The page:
We’re often told that Australia’s teachers are among the best paid in the world, based on OECD figures, which is true, but the other – more important – part of the story is that teachers’ pay is falling behind that of other professionals at an alarming rate.
According to ABS research, female teachers’ salaries in relation to all professions fell from over 100 per cent in 1986 to roughly 93 per cent in 2018. For male teachers, the situation was starker, going from close to 100 per cent in 1986 to about 84 per cent in 2018.
These percentage falls in relation to other professions have had a number of consequences, including precipitating the retirement of experienced, skilled teachers and lowering the entry requirements for teaching degrees.
Indeed, research carried out in Australia by Leigh and Ryan (2008) studied the changes in literacy and numeracy standards of both teacher education students and new teachers. They found that, between 1983 and 2003, the “average percentile rank” of those entering teaching degrees fell from 74 to 61, while for new teachers the average percentile rank dropped from 70 to 62 (Leigh, 2012).
But as the article Peer Pressures, written by Julie Sonnemann and Jonathan Nolan, shows, Australian teachers’ pay at the beginning of their career is not the real problem: according to analysis by the Australian Bureau of Statistics and the Grattan Institute, teachers earn roughly $70,000 between the ages of 20 and 29, about $25,000 less than an engineer at the same age, or $40,000 less than a doctor. However, as one chart published in the article shows, these salaries change significantly as the years roll on.
Take the highest-earning professionals, for instance: doctors. While they might earn $110,000 in their 20s, by the time they reach their 50s, they can expect to be earning about $250,000, an increase of roughly 127 per cent. By contrast, Australian teachers’ salaries are capped after 10 years of service to about $100,000, meaning over the lifetime of their careers their salaries grow by a meagre 42 per cent.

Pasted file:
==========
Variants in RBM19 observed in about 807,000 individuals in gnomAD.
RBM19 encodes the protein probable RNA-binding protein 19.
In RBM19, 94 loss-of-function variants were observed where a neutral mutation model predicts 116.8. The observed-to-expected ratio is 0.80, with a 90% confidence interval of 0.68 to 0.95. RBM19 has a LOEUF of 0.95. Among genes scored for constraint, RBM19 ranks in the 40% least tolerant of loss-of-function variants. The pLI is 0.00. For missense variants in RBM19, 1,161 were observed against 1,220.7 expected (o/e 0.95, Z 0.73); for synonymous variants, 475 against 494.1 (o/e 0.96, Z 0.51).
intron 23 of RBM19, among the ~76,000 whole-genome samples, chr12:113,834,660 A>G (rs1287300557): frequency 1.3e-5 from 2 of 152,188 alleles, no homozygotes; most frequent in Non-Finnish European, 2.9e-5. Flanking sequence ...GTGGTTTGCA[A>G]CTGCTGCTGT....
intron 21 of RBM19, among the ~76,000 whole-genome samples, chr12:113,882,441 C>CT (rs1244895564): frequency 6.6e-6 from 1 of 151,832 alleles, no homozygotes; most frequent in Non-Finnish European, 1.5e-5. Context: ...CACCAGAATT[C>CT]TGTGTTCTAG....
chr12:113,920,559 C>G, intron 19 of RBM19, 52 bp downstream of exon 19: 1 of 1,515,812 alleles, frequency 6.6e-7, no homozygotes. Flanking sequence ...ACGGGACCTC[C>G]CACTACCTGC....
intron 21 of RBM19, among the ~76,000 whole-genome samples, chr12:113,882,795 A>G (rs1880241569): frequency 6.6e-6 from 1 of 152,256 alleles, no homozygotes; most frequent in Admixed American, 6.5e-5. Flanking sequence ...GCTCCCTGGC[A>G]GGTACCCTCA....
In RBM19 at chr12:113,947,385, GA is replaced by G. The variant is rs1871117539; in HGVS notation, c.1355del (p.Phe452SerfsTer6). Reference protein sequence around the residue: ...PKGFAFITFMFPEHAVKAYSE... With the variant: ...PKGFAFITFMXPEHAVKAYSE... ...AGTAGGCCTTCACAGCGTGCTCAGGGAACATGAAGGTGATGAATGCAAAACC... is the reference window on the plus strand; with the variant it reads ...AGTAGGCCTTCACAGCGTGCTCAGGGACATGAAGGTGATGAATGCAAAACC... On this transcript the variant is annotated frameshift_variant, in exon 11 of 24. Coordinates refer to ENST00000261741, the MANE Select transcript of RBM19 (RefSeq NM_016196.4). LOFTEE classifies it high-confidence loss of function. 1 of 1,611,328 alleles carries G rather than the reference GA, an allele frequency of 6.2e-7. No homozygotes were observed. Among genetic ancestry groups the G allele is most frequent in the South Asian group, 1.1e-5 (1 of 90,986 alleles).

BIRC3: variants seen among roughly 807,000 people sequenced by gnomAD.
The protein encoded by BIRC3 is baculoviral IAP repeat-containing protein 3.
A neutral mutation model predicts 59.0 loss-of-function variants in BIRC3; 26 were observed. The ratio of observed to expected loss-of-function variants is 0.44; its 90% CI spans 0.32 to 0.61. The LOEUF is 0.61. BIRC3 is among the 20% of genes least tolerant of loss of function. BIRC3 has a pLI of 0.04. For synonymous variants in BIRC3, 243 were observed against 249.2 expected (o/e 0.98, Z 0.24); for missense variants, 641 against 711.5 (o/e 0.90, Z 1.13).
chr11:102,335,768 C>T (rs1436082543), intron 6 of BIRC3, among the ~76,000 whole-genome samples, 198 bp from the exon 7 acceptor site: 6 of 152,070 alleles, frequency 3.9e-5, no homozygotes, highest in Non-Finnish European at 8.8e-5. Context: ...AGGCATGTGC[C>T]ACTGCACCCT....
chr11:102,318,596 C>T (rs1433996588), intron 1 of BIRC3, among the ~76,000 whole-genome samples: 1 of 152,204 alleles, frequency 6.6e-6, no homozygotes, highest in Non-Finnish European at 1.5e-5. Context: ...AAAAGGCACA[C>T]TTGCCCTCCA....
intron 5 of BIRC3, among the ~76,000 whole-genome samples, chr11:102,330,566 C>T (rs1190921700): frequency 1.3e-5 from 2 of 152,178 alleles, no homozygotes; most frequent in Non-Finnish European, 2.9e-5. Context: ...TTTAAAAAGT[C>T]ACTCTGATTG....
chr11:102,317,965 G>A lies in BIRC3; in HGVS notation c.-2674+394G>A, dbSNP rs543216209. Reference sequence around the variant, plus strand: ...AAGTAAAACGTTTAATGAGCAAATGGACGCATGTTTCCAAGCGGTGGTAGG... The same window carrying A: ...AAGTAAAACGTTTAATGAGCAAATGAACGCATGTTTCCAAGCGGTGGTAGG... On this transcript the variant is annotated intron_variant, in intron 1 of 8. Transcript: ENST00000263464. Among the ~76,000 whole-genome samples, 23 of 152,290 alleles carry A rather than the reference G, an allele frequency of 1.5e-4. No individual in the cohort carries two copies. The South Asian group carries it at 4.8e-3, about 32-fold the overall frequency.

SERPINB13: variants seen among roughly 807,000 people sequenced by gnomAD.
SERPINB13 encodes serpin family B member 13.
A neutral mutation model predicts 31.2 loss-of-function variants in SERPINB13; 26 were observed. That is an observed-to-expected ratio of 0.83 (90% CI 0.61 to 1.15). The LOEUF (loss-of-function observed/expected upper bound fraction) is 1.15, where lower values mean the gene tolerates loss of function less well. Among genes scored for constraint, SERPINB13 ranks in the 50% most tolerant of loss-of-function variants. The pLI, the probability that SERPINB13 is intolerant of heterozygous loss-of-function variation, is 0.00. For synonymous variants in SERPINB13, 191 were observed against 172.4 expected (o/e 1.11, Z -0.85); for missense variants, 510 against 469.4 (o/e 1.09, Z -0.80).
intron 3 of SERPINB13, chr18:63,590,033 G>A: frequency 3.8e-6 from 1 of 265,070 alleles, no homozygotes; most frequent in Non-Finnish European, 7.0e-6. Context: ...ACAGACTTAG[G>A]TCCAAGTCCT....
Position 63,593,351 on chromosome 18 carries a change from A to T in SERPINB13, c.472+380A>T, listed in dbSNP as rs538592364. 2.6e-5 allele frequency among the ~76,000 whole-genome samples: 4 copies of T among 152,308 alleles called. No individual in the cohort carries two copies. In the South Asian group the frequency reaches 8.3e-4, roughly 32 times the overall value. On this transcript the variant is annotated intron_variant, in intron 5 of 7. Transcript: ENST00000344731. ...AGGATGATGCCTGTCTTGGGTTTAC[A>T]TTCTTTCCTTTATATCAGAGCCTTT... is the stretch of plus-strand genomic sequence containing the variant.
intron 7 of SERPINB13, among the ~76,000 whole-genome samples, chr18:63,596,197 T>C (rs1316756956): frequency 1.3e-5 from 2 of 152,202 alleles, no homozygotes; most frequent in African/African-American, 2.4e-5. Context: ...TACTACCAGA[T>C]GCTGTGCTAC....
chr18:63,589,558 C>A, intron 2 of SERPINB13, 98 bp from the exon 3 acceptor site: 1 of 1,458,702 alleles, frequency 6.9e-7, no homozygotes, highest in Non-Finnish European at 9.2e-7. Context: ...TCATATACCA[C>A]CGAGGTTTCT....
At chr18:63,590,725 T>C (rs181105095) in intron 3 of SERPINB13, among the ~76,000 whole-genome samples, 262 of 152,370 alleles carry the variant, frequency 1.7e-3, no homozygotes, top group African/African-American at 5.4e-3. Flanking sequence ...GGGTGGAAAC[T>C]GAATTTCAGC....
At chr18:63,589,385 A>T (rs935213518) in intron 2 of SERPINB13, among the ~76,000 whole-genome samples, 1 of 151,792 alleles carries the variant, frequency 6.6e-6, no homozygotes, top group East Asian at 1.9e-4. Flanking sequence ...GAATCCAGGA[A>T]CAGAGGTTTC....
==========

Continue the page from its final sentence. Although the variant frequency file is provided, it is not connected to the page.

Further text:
Similarly, lawyers aged 20–29 earn on average just under $100,000, yet by their 50s they can expect to earn around $225,000, more than doubling their earlier salaries. Engineers, too, follow similar trajectories, more than doubling their salaries in 30 years.
For individuals motivated by earnings potential – and that’s most of us – the problem is pretty clear: teaching salaries just aren’t high enough to attract ‘the best and the brightest’.
It’s not that young people are not interested in teaching careers. In fact, the Peer Pressures article cites a Grattan Institute survey showing that 70 per cent of almost 1000 high-achieving students were willing to consider teaching as a career. However, according to university entry data, only 3 per cent of high achievers choose teaching for their undergraduate courses. This, the article argues, is part of a larger problem with Australia’s education system and our students’ declining scores in a number of key international tests. Teaching courses are only securing 3 per cent of high achievers, compared with 19 per cent for science, 14 per cent for health and 9 per cent for engineering. In a nutshell, questions are being asked as to whether too many mediocre teachers are entering classrooms and not equipping students with the right skills for success.
As the article states: “We can never know for sure what is causing our students to fall back, but it’s difficult to ignore the fact that Australia’s test score decline has coincided with the retirement of many of the teachers who were recruited when salaries were much more competitive with other professions.”
Sonnemann and Nolan recommend a bold solution if Australia is to climb its way back up the rankings and also re-establish teaching as a well-respected and well-paid career. They both support the Grattan Institute’s proposed $1.6 billion reform package, which will involve increasing the average ATAR for teaching from 74 to 85 within the next decade. It will also include $10,000-a-year scholarships for high-achieving students to pursue teaching, as well as “new career paths for leaders of the profession of up to $180,000 – about $80,000 more than the current highest standard pay rate for teachers”.
Whether there is an appetite for such a bold proposal across jurisdictions and political parties, however, remains to be seen.Do you have an idea for a story?
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